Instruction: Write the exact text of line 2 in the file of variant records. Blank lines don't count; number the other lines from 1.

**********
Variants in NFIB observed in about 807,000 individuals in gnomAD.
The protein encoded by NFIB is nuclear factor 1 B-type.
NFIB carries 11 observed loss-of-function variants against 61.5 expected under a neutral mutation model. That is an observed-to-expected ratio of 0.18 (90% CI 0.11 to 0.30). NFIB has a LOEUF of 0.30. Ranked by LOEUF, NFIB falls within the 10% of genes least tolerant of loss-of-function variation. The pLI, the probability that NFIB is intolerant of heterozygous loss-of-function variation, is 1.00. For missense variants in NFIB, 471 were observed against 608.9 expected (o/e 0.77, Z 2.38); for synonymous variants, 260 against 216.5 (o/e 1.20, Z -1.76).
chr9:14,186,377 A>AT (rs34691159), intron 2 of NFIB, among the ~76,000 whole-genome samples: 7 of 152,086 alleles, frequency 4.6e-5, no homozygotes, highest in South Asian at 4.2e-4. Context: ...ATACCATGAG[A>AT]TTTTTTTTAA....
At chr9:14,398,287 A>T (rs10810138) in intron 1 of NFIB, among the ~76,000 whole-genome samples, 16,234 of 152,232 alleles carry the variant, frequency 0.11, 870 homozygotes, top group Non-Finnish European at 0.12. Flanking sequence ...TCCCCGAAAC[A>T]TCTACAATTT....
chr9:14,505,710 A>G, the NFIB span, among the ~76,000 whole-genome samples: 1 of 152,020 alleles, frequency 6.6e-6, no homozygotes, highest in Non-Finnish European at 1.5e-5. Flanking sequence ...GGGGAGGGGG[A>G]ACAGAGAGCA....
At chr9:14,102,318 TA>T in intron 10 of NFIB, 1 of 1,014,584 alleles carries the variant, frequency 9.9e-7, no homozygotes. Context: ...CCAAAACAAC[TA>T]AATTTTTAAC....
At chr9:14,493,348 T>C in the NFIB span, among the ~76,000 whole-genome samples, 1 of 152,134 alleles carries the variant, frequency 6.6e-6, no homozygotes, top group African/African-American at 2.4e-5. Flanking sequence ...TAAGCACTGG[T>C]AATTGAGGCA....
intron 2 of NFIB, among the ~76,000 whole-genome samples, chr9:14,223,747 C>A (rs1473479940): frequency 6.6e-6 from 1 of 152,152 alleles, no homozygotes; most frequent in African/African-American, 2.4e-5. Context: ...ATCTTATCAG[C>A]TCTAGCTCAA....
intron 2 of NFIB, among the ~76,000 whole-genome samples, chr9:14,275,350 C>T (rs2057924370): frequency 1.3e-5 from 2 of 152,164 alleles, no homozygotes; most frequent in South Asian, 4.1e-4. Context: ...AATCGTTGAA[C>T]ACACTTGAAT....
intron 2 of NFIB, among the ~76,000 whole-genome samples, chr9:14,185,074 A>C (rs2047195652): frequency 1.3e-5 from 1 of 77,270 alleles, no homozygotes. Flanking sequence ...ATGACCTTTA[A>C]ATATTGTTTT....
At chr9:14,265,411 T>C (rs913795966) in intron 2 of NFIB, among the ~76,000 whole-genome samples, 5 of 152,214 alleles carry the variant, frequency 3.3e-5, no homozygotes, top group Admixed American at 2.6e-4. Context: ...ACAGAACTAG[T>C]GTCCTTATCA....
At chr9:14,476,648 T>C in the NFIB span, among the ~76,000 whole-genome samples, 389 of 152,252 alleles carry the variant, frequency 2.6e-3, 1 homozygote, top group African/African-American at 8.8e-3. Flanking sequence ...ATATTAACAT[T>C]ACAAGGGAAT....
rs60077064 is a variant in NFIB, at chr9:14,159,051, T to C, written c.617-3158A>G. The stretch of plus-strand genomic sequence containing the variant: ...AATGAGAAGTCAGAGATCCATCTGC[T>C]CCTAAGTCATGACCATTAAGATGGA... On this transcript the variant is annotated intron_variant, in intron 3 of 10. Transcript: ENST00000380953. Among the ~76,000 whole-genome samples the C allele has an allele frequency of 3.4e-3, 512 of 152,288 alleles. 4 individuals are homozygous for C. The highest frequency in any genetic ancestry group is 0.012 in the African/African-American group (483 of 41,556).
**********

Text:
The protein encoded by NFIB is nuclear factor 1 B-type.